Plug & Play. Areas of our brain are connected and their performance depends both on the information they receive and on their ability to integrate it. Therefore, a proper development of circuits permitting this integration is crucial. Here, the authors show that hippocampal neurons of newborn mice are already driven, although differently, by the thalamic and cortical projections seen in the adults and whose organization is similar to the adult’s too. Hence, the projections that transmit various kinds of information to the hippocampus in order to shape the behavior of mice, previously shaped the development of circuits internal to the hippocampus to treat this information.
Scientific abstract: The adult CA1 region of the hippocampus produces coordinated neuronal dynamics with minimal reliance on its extrinsic inputs. By contrast, neonatal CA1 is tightly linked to externally generated sensorimotor activity, but the circuit mechanisms underlying early synchronous activity in CA1 remain unclear. Here, using a combination of in vivo and ex vivo circuit mapping, calcium imaging, and electrophysiological recordings in mouse pups, we show that early dynamics in the ventro-intermediate CA1 are under the mixed influence of entorhinal (EC) and thalamic (VMT) inputs. Both VMT and EC can drive internally generated synchronous events ex vivo. However, movement-related population bursts detected in vivo are exclusively driven by the EC. These differential effects on synchrony reflect the different intrahippocampal targets of these inputs. Hence, cortical and subcortical pathways act differently on the neonatal CA1, implying distinct contributions to the development of the hippocampal microcircuit and related cognitive maps.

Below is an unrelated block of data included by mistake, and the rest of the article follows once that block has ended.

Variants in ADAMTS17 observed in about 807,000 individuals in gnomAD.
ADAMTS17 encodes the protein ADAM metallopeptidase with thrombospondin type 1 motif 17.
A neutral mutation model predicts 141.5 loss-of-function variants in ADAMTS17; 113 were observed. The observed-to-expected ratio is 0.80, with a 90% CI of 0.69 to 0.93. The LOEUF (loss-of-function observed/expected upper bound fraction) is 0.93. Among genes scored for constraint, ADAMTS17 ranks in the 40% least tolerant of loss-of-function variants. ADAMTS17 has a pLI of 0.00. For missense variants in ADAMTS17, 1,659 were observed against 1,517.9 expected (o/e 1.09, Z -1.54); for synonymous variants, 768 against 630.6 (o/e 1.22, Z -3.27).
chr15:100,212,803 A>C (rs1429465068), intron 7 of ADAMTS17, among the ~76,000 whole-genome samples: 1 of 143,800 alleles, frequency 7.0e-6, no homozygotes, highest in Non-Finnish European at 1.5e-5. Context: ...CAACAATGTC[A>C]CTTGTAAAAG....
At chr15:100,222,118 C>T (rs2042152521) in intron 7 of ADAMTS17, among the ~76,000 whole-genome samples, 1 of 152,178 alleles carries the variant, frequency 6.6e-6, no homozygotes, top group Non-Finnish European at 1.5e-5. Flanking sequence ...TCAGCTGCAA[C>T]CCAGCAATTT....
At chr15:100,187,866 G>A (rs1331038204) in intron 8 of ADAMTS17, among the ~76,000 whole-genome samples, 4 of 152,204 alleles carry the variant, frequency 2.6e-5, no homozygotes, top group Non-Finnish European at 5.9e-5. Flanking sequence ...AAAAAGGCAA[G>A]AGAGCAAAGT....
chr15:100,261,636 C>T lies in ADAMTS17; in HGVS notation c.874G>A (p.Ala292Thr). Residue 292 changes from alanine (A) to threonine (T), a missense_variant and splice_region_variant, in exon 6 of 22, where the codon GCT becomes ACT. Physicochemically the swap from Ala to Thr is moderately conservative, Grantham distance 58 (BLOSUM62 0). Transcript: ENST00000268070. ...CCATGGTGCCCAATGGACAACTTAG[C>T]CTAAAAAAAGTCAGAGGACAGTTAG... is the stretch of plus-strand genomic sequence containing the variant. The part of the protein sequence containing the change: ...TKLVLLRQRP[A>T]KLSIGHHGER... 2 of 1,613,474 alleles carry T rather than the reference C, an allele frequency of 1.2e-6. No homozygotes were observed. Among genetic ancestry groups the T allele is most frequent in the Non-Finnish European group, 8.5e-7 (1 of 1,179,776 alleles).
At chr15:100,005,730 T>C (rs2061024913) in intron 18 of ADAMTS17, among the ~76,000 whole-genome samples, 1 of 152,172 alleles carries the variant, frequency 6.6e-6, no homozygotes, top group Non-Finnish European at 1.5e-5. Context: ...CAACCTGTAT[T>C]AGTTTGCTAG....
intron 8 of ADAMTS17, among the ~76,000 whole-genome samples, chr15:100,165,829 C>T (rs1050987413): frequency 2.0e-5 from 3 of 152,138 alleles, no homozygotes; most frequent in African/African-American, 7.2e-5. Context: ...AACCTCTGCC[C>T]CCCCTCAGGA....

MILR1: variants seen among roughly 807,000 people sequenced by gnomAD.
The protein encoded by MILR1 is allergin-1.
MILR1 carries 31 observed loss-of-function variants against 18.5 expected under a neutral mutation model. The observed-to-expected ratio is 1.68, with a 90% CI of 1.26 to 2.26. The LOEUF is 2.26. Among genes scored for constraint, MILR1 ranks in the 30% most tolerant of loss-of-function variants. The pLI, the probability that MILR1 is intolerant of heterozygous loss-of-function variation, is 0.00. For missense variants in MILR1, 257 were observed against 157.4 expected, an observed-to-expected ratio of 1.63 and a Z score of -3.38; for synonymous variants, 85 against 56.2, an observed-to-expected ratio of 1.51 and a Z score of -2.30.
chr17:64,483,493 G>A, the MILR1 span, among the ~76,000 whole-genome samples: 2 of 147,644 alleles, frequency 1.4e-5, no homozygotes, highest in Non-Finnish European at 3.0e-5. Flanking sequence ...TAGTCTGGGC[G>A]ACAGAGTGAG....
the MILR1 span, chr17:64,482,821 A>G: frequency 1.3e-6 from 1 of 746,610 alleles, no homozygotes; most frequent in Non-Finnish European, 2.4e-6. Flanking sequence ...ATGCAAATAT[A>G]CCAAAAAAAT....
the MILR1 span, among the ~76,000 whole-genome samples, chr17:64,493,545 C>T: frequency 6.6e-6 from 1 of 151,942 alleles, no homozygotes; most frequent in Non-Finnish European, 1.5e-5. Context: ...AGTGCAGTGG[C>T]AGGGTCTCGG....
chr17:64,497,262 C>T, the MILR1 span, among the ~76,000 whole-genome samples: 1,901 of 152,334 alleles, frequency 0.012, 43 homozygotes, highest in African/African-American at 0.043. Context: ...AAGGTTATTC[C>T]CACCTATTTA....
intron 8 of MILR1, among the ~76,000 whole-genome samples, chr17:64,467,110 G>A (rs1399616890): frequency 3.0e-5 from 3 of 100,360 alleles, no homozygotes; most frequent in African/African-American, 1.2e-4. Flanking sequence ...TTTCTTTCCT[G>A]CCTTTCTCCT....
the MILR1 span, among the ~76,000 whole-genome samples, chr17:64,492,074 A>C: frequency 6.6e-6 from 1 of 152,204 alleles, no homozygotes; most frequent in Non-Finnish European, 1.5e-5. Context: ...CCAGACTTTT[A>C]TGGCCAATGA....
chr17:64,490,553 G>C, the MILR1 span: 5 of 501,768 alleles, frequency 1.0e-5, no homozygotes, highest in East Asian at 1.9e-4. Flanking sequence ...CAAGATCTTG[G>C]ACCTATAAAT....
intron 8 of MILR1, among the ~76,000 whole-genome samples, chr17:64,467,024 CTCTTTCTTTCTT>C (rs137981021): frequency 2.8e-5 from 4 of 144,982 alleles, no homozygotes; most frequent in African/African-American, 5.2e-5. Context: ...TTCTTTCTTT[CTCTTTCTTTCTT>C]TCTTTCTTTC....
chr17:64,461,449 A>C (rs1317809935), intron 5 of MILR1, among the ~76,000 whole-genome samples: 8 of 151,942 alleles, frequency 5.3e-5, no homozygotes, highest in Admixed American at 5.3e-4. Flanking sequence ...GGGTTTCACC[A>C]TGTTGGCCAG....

Published in Neuron in 2023